26 E.g., United States v. One Bag of Paradise Feathers, 256 F. 301, 306 (2d Cir. 1919); 1 W. WILLOUGHBY, supra, at 589. The State Department held the same view. 5 G. HACKWORTH, DIGEST OF INTERNATIONAL LAW 426 (1944).
445 224 U.S. 583 (1912).
446 301 U.S. 324 (1937).
447 United States v. Curtiss-Wright Export Corp., 299 U.S. 304 (1936).
448 299 U.S. at 330-32.
449 315 U.S. 203 (1942).
It is, of course, true that even treaties with foreign nations will be carefully construed so as not to derogate from the authority and jurisdiction of the States of this nation unless clearly necessary to effectuate the national policy.... But state law must yield when it is inconsistent with, or impairs the policy or provisions of, a treaty or of an international compact or agreement.... Then, the power of a State to refuse enforcement of rights based on foreign law which runs counter to the public policy of the forum . . . must give way before the superior Federal policy evidenced by a treaty or international compact or agreement... .
The action of New York in this case amounts in substance to a rejection of a part of the policy underlying recognition by this nation of Soviet Russia. Such power is not accorded a State in our constitutional system. To permit it would be to sanction a dangerous invasion of Federal authority. For it would ‘imperil the amicable relations between governments and vex the peace of nations.’ ... It would tend to disturb that equilibrium in our foreign relations which the political departments of our national government has diligently endeavored to establish... .
No State can rewrite our foreign policy to conform to its own domestic policies. Power over external affairs is not shared by the States; it is vested in the national government exclusively. It need not be so exercised as to conform to State laws or State policies, whether they be expressed in constitutions, statutes, or judicial decrees. And the policies of the States become wholly irrelevant to judicial inquiry when the United States, acting within its constitutional sphere, seeks enforcement of its foreign policy in the courts.450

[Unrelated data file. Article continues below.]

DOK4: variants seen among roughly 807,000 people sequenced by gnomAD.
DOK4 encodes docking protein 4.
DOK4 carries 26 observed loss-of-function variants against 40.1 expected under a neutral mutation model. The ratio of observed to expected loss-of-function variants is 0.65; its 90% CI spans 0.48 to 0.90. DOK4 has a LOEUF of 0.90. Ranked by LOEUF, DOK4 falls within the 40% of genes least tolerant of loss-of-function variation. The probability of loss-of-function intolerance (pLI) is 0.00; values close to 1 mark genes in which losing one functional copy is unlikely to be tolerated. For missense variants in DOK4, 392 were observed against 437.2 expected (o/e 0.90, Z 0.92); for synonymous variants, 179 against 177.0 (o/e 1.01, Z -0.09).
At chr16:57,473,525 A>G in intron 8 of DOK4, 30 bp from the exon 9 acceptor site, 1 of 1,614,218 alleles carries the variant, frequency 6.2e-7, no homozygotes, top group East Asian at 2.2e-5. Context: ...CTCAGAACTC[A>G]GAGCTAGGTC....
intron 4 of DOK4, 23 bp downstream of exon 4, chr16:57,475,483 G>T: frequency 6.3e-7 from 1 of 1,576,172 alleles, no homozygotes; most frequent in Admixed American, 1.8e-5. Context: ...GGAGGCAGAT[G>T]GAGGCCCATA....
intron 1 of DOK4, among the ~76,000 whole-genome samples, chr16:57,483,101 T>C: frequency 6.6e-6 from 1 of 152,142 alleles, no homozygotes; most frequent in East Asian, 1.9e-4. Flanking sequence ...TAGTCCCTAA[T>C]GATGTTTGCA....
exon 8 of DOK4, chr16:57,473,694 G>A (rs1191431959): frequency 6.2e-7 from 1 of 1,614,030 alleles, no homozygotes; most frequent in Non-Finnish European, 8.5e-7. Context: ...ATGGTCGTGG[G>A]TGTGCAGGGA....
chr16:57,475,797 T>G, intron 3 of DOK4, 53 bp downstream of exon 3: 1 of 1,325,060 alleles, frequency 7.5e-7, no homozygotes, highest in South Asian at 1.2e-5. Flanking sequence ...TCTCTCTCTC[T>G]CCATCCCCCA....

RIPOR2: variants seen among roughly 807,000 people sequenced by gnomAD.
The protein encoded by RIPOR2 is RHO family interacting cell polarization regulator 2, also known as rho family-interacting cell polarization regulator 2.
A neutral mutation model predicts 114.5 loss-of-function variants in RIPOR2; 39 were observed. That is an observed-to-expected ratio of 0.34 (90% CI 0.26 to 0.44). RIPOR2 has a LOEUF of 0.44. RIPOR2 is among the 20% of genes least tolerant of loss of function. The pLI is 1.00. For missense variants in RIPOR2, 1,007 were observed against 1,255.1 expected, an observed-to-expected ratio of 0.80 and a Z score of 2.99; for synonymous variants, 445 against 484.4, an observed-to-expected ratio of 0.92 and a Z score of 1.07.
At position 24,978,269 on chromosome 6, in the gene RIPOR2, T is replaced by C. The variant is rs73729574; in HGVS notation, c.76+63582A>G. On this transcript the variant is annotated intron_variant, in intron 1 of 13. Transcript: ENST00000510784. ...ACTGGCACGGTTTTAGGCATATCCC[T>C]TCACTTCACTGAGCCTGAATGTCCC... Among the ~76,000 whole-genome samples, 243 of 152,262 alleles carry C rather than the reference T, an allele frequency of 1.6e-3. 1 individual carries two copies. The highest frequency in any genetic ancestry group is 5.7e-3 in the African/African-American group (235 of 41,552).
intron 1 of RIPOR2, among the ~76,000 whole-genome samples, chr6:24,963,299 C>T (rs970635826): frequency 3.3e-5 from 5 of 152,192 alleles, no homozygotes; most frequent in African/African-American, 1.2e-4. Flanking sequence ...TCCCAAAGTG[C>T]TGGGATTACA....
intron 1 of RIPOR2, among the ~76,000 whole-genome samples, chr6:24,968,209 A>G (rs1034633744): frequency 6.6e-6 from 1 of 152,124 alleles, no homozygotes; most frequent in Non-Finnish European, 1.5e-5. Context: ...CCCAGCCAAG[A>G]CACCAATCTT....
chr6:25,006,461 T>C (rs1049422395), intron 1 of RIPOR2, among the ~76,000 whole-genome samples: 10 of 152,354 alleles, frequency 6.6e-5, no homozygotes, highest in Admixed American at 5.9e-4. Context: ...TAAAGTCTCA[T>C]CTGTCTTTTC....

450 315 U.S. at 229-34. Chief Justice Stone and Justice Roberts dissented.
Belmont and Pink were reinforced in American Insurance Association v. Garamendi.27 In holding that California’s Holo- caust Victim Insurance Relief Act was preempted as interfering with the Federal Government’s conduct of foreign relations, as expressed in executive agreements, the Court reiterated that “valid executive agreements are fit to preempt state law, just as treaties are.”28 The preemptive reach of executive agreements stems from “the Constitution’s allocation of the foreign relations power to the National Government.”29 Because there was a “clear conflict” between the California law and policies adopted through the valid exercise of federal executive authority (settlement of Holocaust-era insurance claims being “well within the Executive’s responsibility for foreign affairs”), the state law was preempted.30
27 539 U.S. 396 (2003). The Court’s opinion in Dames & Moore v. Regan, 453 U.S. 654 (1981) was rich in learning on many topics involving executive agreements, but the preemptive force of agreements resting solely on presidential power was not at issue, the Court concluding that Congress had either authorized various presidential actions or had long acquiesced in others.
28 539 U.S. at 416.
29 539 U.S. at 413.
30 539 U.S. at 420.
Last modified: June 9, 2014